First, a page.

Upon Charlemagne‘s death in 814, the empire was inherited by his son Louis the Pious who reigned until his death in 840. The death of the emperor in 840 led to the outbreak of war between his sons. Charles allied himself with his brother Ludwig the German to resist the pretensions of the new emperor Lothair I, and the two allies defeated Lothair at the Battle of Fontenay-en-Puisaye in 841. Finally the war was brought to an end when they signed the Treaty of Verdun in 843. The settlement gave Charles the Bald the portion west of the Rhine, known as the kingdom of West Franks (or West Francia), the precursor of modern France. Ludwig received the east portion of the Carolingian Empire, which was called East Franks; it would later become Germany.

The first years of Charles’s reign were comparatively peaceful. During these years the three brothers continued the system of “confraternal government”, meeting repeatedly with one another, at Koblenz, at Meerssens, and at Attigny. Nevertheless, after the death of Lothair I in 855, the disaffected nobles in West Franks asked Ludwig the German for help to oust Charles the Bald. Charles was so unpopular that he was unable to organize an army. He was saved by the bishops who refused to crown Ludwig and by the Welfs who were related to his mother.

Besides these family disputes, Charles also fought against the Vikings who devastated the country of the north, the valleys of the Seine and Loire, and even up to the borders of Aquitaine. Several times Charles was forced to purchase their retreat at a heavy price. Charles led various expeditions against the invaders and, by the Edict of Pistres of 864, made the army more mobile by providing for a cavalry element, the predecessor of the French chivalry so famous during the next 600 years.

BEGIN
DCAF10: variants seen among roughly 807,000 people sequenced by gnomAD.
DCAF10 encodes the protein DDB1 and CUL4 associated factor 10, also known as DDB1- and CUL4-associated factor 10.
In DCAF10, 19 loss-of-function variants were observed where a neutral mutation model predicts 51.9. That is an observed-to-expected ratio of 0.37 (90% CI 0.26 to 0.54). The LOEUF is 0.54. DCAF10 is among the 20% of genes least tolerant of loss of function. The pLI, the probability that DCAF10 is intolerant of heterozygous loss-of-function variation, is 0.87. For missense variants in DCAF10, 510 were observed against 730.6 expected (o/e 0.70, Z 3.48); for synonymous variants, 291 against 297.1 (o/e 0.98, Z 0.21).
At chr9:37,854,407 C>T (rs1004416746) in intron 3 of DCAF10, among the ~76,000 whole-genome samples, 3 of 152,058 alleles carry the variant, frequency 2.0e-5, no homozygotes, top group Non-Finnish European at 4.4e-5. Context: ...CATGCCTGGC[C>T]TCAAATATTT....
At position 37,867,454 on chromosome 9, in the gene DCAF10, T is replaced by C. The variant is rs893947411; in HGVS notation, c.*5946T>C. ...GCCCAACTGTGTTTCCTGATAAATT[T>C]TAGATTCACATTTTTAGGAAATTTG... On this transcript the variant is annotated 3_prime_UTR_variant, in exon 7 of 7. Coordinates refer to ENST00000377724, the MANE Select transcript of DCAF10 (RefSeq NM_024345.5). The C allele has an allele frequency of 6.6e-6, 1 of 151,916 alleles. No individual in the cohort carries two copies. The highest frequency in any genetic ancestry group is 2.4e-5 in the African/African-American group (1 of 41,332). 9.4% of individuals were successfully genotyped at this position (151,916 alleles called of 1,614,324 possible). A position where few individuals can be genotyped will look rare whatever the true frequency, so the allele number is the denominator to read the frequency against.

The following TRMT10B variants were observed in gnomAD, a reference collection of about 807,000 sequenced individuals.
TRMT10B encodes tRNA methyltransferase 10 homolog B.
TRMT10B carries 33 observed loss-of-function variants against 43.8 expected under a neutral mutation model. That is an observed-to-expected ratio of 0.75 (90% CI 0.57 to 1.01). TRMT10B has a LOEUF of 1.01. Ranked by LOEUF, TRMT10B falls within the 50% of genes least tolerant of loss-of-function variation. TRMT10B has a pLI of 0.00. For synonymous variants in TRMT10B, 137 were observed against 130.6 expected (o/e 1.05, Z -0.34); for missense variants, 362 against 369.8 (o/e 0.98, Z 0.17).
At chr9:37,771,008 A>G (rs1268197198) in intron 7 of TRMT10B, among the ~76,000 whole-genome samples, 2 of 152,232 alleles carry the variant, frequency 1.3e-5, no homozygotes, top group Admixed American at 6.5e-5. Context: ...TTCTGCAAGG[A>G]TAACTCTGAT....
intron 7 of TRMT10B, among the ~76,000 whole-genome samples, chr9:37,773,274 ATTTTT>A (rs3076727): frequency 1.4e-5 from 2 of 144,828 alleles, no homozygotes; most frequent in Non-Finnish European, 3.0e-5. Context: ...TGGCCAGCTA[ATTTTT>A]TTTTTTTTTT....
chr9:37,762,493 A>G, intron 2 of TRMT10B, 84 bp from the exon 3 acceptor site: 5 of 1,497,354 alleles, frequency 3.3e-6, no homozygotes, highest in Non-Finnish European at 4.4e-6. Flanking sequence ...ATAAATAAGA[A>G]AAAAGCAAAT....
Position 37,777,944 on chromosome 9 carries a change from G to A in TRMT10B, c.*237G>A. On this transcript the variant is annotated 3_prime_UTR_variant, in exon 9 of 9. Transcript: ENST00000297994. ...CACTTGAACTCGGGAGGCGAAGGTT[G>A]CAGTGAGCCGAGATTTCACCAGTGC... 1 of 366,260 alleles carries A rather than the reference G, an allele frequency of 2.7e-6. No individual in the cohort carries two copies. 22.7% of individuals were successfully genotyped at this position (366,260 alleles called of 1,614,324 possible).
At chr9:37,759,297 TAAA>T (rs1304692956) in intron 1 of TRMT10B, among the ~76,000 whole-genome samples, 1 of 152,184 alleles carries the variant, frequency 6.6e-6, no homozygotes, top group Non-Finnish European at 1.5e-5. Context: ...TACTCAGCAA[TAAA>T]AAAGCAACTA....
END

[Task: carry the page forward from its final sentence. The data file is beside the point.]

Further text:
Charles the Bald died in 877. He was succeeded by his son Louis II the Stammerer who reigned from 877 to 879. Louis the Stammerer was said to be physically weak and outlived his father by only two years. He had relatively little impact on politics. When Louis the Stammerer died, his son Louis became king of West Francia as Louis III who reigned jointly with his brother Carloman. But Louis III died in 882 at Saint Denis, having fallen from his horse whilst chasing a girl with amorous intent. Since he had no children, his brother Carloman became the sole king until his death in 884. Carloman was succeeded by Charles the Fat.

In 893 Charles the Simple was crowned king. In 911 Charles gave the lower Seine area, eventually known as Normandy, as a fief to the Norse leader Rollo in the Treaty of Saint-Clair-sur-Epte, thereby ending the series of Viking raids into France.

The Capetian Dynasty

With the death in 987 of King Louis V, the last direct descendant of Charlemagne, the French throne became vacant. Upon the advice of Adalbero, archbishop of Reims, the nobility offered the crown to Hugh Capet, count of Paris. Capet thus became the founder of a dynasty that converted the loose feudal monarchy of France into a centralized government and laid the foundations of the modern French state.

The first four Capetians are not especially notable, but with the accession of Louis VI, who ruled from 1108 to 1137, the royal power began to assert itself over its feudal rivals. Under Philip Augustus (1180-1223), the annexation of Normandy and other English fiefs in France more than doubled the royal domain, while the establishment of Paris as the seat of government marked the beginning of an administration directly under royal control.